Teaching for Learning: Social Responsibility
Student Snapshot: Students seek multiple perspectives and use information and ideas expressed in any format in a safe, responsible, and ethical manner.
According to Woolls and Loertscher (2013) social responsibility is demonstrated when students are taught to recognize the importance of information in a democratic society, practice ethical behavior in regard to information and technology, to seek multiple perspectives, to share information, and collaborate in its use in groups.
Source: Woolls, Blanche, and David V. Loertscher. The Whole School Library Handbook 2. ALA Editions, 2013.
Citation for the Photo: Hughes, Fran. St John’s Silkwood. 2010. Flickr.
This web page features a photo from Fran Hughes, available under Creative Commons Attribution 2.0 Generic license.
Oregon School Library Standards
Description: “The Social Responsibility strand has three standards: Practice ethical behavior to share knowledge; Practice ethical behavior when using print and digital resources; Participate collaboratively, respectfully and productively as a member of a democratic society. As explained in this presentation, the social responsibility “... strand defines how the learner will “ Share knowledge and participate ethically and productively as members of our democratic society.”
Resource/Citation: Christensen, Peggy. "The Oregon School Library Standards." Oregon School Library Standards, 30 June 2013.
The New Librarian: Leaders in the Digital Age
Description: Part of a series of case studies produced by Digital Promise examining the work of members in a League of Innovative Schools. A cohort of 33 teacher-librarians is viewed as “indispensable” to the Vancouver Public Schools, WA district’s vision of a technology-infused path to improved outcomes for students. “Teacher-librarians at VPS play a crucial role in this digital transformation and other strategic initiatives.” As a result, they are expanding their “role to spend more time in the classroom, curating digital content and lesson plans with teachers, teaching digital citizenship to students, and even emerging as technology experts within their schools.”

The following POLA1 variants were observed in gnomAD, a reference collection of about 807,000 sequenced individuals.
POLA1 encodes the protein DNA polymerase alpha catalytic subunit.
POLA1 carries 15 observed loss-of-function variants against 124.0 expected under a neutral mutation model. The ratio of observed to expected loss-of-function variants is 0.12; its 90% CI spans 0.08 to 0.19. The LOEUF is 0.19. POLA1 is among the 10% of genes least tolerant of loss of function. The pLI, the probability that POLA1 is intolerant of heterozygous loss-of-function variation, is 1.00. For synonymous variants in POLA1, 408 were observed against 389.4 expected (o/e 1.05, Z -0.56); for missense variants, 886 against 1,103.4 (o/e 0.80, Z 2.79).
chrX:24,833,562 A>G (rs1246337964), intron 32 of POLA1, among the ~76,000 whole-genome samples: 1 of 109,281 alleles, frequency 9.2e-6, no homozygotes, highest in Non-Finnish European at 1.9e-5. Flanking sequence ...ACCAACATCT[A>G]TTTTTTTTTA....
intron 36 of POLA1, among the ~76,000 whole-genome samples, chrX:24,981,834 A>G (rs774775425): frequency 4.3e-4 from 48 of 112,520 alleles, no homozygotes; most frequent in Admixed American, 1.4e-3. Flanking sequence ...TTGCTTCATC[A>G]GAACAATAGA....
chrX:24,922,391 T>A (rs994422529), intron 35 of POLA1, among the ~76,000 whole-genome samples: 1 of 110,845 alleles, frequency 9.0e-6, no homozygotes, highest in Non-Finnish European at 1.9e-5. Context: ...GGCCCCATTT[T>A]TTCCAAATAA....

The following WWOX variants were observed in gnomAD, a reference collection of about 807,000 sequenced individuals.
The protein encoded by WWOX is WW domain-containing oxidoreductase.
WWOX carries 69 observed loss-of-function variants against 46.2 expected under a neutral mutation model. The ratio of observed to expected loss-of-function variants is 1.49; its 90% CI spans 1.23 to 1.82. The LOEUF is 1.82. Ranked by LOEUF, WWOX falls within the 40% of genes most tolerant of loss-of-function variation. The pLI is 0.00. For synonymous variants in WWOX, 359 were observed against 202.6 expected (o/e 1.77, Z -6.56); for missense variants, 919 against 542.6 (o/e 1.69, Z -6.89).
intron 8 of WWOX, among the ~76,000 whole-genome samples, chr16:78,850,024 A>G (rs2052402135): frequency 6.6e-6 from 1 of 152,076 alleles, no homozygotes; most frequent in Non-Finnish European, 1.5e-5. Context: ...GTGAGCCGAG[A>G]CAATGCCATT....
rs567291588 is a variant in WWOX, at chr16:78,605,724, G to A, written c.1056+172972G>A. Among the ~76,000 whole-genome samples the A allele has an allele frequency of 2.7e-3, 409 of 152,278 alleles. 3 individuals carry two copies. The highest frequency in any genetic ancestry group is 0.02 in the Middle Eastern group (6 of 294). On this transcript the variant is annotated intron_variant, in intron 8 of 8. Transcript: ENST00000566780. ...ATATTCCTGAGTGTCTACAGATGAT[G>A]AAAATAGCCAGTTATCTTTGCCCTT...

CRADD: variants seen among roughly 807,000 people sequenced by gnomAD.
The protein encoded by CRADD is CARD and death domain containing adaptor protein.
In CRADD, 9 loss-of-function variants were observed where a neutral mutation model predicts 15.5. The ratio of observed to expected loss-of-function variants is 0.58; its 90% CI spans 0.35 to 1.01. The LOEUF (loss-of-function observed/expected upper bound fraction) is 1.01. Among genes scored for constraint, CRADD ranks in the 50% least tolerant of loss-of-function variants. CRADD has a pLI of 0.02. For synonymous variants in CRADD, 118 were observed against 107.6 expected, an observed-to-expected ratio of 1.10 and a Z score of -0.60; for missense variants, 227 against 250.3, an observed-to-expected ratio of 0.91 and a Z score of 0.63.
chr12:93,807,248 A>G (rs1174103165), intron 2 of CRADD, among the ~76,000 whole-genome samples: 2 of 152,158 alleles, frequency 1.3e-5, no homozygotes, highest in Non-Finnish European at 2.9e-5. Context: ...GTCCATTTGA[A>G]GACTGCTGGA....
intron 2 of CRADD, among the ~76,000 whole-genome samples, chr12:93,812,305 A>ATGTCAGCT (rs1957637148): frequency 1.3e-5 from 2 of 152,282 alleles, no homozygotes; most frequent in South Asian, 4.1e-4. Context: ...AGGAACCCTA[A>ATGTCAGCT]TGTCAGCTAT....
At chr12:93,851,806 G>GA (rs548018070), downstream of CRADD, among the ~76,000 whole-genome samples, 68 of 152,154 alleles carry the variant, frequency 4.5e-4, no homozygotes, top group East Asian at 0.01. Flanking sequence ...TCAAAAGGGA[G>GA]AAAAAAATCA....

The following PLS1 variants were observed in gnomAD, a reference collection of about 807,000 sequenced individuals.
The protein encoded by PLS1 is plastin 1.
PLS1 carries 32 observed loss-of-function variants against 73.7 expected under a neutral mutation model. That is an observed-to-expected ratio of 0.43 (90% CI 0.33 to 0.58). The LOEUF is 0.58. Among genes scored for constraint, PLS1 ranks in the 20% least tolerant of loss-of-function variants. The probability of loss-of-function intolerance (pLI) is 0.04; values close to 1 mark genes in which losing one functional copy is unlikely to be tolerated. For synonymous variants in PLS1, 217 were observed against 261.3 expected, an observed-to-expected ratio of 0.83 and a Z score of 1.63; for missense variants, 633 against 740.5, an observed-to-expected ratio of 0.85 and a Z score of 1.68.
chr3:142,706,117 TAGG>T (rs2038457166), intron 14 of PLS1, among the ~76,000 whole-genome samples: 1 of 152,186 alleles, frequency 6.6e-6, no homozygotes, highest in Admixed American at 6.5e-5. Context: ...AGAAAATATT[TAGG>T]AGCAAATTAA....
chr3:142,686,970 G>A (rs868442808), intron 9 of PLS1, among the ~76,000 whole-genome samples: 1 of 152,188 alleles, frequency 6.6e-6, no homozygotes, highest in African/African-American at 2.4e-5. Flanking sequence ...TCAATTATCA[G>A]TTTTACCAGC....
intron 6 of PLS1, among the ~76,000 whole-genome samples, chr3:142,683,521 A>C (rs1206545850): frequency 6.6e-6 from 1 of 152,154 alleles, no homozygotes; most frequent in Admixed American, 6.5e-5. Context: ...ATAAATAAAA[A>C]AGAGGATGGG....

Resource/Citation: Digital Promise. “The New Librarian: Leaders in the Digital Age.” Digital Promise, 1 October 2014.
Description: The Federal Trade Commission (FTC) and other government agencies offer guidance to help parents and teachers steer kids safely through the online and mobile-phone worlds.
Resource/Citation: “Net Cetera.” OnGuard Online.gov.
How Do School Librarians Perceive Dispositions for Learning and Social Responsibility?
Description: A study asked school librarians how they perceive dispositions for learning including social responsibility, to what extent their role involves fostering these dispositions among students. Descriptive results reveal the most common areas discussed by participants; social responsibility was the most cited disposition.
*Resource/Citation: Arnone, Marilynn. “How Do School Librarians Perceive Dispositions for Learning and Social Responsibility?” School Library Monthly, vol. 26, no. 7, Mar 2010, pp. 40-43
Encourage Academic Integrity and Prevent Plagiarism
Description: The library at the City College of San Francisco provides support for teachers around preventing plagiarism; some of these strategies may apply to librarians as well. The library defines plagiarism, links to outside resources, and recommends teaching strategies for preventing and identifying plagiarism.
Resource/Citation: "Encourage Academic Integrity and Prevent Plagiarism." Library and Learning Resources, 11 November 2015.
Generating Knowledge and Avoiding Plagiarism: Smart Information Use by High School Students
Description: Williamson and McGregor interviewed high school students and teachers who participated in a program to avoid plagiarism, and share the program and its effectiveness. The conclusion of the article emphasizes collaboration between teachers and librarians.
Resource/Citation: Williamson, Kirsty, and Joy McGregor. "Generating Knowledge and Avoiding Plagiarism: Smart Information Use by High School Students." School Library Research, vol. 14, 2011, pp. 1-21.